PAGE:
- COMMUNITY LINKS
Reports have estimated that over 200,000 people from across the United States descended upon the National Mall in Washington, D.C. on Saturday, Oct. 30 to take part in comedians and television personalities Jon Stewart and Stephen Colbertâ€™s Rally to Restore Sanity and/or Fear. The rally was a tongue-in-cheek event that did not endorse any candidates, but instead promoted moderation and cooperation among Americans of all backgrounds.
One member of the crowd was St. Marys native Michael Pearsall, a May 2010 graduate of Elk County Catholic High School and current freshman at the University of Pittsburgh at Johnstown. Pearsall, a political science major who attended the rally with fellow members of Pitt-Johnstownâ€™s sociology club, remarked that he first heard of the event while watching an episode of "The Daily Show with Jon Stewart."
Pearsall said his group arrived at the site of the rally around 9 a.m.
â€śEven at that time, the National Mall was extremely crowded,â€ť Pearsall said. â€śGetting around was very difficult and getting any closer to the stage than we were was impossible. You had to be very careful to stay close to your group because getting separated in crowds would have been very easy. We were pretty far away from the stage but there were large JumboTrons set up all around the Mall so everyone could see.â€ť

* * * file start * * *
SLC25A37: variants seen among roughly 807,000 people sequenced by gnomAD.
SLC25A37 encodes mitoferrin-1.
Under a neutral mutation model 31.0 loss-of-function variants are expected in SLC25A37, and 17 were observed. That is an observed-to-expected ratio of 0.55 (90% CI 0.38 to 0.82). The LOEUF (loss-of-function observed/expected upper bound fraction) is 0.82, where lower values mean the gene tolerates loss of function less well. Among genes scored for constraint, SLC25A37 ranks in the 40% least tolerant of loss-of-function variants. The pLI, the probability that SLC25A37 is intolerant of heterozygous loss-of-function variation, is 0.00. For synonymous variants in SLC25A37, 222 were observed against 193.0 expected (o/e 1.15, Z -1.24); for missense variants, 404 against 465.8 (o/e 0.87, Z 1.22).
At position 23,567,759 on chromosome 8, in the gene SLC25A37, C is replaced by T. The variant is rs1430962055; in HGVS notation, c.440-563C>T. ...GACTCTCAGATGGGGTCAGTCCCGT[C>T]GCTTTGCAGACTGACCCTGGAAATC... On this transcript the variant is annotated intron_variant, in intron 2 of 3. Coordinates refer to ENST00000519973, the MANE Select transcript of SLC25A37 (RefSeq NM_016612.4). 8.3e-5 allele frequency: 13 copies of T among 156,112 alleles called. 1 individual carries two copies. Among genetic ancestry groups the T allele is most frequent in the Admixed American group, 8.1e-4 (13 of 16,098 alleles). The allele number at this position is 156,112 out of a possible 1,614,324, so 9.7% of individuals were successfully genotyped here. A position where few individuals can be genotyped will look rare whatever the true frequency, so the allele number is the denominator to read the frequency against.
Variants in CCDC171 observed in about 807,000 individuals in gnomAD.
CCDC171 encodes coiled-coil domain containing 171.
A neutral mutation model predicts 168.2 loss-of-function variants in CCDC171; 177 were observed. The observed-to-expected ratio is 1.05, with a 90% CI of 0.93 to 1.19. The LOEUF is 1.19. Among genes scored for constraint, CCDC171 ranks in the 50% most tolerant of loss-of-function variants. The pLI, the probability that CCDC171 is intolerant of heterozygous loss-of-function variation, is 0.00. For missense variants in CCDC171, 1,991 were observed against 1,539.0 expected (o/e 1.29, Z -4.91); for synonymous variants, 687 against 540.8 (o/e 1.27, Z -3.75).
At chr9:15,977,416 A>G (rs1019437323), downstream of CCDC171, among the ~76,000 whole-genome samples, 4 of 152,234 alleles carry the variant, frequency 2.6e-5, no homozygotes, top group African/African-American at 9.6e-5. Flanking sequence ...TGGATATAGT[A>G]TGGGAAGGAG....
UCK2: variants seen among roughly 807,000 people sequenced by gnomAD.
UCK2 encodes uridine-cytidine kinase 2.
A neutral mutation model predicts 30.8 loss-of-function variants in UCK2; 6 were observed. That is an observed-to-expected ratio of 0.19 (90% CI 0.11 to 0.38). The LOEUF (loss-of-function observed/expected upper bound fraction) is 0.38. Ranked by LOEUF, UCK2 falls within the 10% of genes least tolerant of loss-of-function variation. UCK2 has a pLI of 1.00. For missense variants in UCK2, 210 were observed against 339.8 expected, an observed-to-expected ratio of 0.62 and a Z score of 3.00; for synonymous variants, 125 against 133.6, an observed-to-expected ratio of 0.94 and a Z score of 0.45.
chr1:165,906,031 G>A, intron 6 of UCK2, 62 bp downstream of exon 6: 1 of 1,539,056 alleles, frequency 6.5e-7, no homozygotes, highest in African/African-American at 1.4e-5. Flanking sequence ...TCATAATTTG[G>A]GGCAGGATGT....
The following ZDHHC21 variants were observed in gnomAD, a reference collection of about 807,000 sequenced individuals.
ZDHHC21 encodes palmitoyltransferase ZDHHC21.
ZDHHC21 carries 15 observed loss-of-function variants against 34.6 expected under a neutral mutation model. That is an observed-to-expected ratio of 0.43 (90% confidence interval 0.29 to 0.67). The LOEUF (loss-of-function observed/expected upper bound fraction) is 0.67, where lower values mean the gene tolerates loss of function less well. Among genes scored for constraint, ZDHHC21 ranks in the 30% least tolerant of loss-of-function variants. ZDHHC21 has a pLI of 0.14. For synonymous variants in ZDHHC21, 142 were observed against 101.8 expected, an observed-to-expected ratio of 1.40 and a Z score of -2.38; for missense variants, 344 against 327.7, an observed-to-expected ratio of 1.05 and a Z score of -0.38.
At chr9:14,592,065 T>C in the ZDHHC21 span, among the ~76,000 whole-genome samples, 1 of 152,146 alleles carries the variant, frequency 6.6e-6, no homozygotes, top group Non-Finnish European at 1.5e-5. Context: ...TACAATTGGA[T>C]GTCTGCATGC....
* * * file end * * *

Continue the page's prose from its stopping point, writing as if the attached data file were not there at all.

The rally itself lasted from 12 to 3 p.m. and featured performances from a number of musicians, as well as commentary from co-hosts Stewart and Colbert.
â€śThe rally began with a band called the Roots. Other performers such as Yusuf Islam (Cat Stevens), Ozzy Osbourne, Tony Bennett, Kid Rock, Sheryl Crow, and the O'Jays. Actor Sam Waterston and basketball player Kareem Abdul-Jabbar were also there,â€ť Pearsall said.
Pearsall noted that toward the end of the event, Stewart gave a speech on his vision for the future of America. Pearsall said he found Stewartâ€™s remarks about Americans overcoming their differences and working together to achieve great and oftentimes difficult things to be especially profound.
â€śThe main theme of the rally was moderation in the face of the extremes of the far right and the far left. It was intended to be a venue for the less vocal, moderate, and responsible members of society. Jon Stewart did very well at sending that message. The atmosphere of the event was extremely positive and constructive,â€ť Pearsall said.
For more information on this story, see the Nov. 3 version of The Daily press.